Global inflation fears resurfaced in February, playing off against optimism around the US stimulus package and continued vaccine rollouts. Locally, we had the State of the Nation address, the annual National Budget speech, our own vaccine roll-out rollercoaster, and lockdown level adjustments, making it an eventful month.

Besides the few “hopeful” local developments, the global wave was also highly supportive in February, with very rewarding returns being delivered to investors in growth assets. Both local and global indices ended the month significantly stronger, despite intra-month sell-offs. The local performance was primarily thanks to resource counters, rallying on higher metal prices and impressive results.

A few highlights from local economic indicators included a slightly higher inflation figure at 3.2%, a 1.3% year on year dip in retail sale and 0.9% year on year increase in wholesale trade for December, a surprise on the upside in mining and manufacturing production. Unemployment figures unfortunately worsened by 1.7% in the last quarter, with the increased activity in the job market unable to offset the damage done by the COVID period and weak economic growth.


In the SONA address, President Cyril Ramaphosa highlighted four priorities namely defeating COVID, accelerating economic recovery, implementing structural reforms, and fighting corruption. While various other policies and promises were also mentioned, many parties were left disappointed with the lack of detail and clear plans to achieve results.

In delivering the 2021/22 National Budget, Finance Minister Tito Mboweni emphasized the need to cut expenditures and reduce debt, provide funding to much needed recipients (including the COVID vaccine roll-out), and prevent a fiscal collapse. Various aspects of the budget were better than expected however, and for most parts it was a relatively positive outcome given the circumstance. The following are some key changes/highlights:

  • No additional taxes.
  • Personal income tax brackets and rebates increased 5%, providing relief to taxpayers.
  • Excise duties on alcohol and tobacco increased by 8%.
  • The general fuel levy and RAF levy increased by 15c/litre and 11c/litre, respectively.
  • UIF contribution ceiling set at R17 711.58 per month from 1 March 2021.
  • The budget deficit has been revised to 14% of GDP in 2020/21.
  • Gross debt increased from 65.6% to 80.3% of GDP for 2020/21.


After experiencing a significant set-back at the start of our vaccination plan, due to studies questioning the AzstraZeneca vaccine’s efficacy against the new COVID variant, vaccinations finally got underway after the first batch of the Johnson&Johnson vaccine arrived in the country. According to comments, 67 000 people were vaccinated in the first ten days of the program, with administered dosages being ramped up gradually each day, and more vaccination sites being added. We have also secured more dosages of the Johnson&Johnson vaccine, adding to the already secured Pfizer vaccines, set to be received in the second quarter. Phase two of the roll-out program aimed at the elderly, essential workers, people that work or live in institutional settings, and those with co-morbidities, will begin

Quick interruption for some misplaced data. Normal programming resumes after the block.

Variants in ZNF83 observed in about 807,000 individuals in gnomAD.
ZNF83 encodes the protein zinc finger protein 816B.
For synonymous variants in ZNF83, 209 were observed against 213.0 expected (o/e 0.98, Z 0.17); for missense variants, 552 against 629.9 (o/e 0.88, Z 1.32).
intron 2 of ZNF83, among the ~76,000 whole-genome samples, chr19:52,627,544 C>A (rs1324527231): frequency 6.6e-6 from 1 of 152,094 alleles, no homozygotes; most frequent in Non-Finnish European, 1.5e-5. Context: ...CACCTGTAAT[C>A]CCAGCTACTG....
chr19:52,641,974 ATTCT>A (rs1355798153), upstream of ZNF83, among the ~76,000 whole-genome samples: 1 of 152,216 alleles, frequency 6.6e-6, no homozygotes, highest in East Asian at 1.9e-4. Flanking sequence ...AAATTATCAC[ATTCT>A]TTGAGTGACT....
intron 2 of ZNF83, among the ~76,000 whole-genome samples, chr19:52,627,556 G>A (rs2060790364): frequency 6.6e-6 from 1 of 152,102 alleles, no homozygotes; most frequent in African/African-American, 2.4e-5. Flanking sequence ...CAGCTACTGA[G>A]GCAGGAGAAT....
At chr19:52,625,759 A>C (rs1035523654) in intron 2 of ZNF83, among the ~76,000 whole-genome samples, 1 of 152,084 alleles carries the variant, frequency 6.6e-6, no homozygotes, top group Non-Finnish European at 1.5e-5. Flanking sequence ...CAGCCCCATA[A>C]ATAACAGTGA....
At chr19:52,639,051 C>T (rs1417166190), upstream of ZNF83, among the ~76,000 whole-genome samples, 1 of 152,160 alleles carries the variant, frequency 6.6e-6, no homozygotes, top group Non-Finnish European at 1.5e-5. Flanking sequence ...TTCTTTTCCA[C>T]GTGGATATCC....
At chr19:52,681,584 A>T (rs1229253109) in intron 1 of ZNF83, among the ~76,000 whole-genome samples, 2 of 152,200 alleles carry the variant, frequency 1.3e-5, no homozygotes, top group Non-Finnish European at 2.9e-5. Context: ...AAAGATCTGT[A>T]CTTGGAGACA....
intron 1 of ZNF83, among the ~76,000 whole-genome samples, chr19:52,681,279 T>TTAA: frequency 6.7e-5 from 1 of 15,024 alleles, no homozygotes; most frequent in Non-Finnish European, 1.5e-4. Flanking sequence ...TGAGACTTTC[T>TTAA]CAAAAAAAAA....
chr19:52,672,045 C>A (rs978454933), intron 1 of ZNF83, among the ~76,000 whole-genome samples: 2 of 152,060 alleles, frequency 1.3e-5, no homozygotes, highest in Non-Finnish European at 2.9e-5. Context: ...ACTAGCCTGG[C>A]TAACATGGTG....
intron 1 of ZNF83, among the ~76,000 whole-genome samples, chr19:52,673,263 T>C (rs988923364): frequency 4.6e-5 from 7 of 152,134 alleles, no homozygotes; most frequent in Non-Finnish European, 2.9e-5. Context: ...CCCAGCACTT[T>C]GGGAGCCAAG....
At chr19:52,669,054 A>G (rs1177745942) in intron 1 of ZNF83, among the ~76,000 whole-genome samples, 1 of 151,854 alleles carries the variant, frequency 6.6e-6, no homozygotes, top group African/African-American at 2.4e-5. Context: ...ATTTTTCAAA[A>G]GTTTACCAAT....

in late April/early May. With daily cases well-contained, and still on the downtrend, the president announced that the country will move to Level 1 of the national lockdown. This will bring relief to local businesses that have only been able to operate under very limited conditions.

The key changes are:

  • Curfew hours reduced further, now applicable between 12am and 4am.
  • Sale of alcohol allowed for sale as normal.
  • Religious, social, political, and cultural gatherings will be permitted, subject to conditions including a maximum limit set at 100 people for indoor events and 250 for outdoor events.
  • Nightclubs will remain closed, and gatherings before or after funerals are still not permitted.

The president highlighted that the third wave is still a substantial risk, with the wearing of masks in public places and following of all social distancing guidelines remaining mandatory.

This first batch of approximately one million vaccinations will be used for healthcare workers, with a second batch expected towards the end of February. According to comments from government, they are aiming to vaccinate 40 million people (approximately 65% of the population) by the end of 2021. This will, however, be highly dependent on efficiency of the rollout, and whether orders are fulfilled. While the process could run very smoothly, and the take-up well-received (according to surveys, approximately 70% of South Africans are currently willing to take the vaccination), there is a downside risk that orders get delayed or that emerging countries like South Africa get left behind in global procurement and implementation. It seems we are already late to the party when compared to the progress of peers.


In concluding our investment views for the first quarter at the start of January, we found support for our view on the economic recovery. This view is based on:

  1. Improving fundamental factors being further driven by aggressive policy support (both monetary and fiscal),
  2. increasingly positive advancements in COVID vaccinations, and
  3. relatively low recession risk from a global view.

We maintain our optimistic view of a supported and balanced recovery, suggesting a pro-cyclical-growth stance.
Our active bets remain relatively cautious however, based on rich valuations, policy-error risk, and the risk of virusmutations or vaccination headwinds.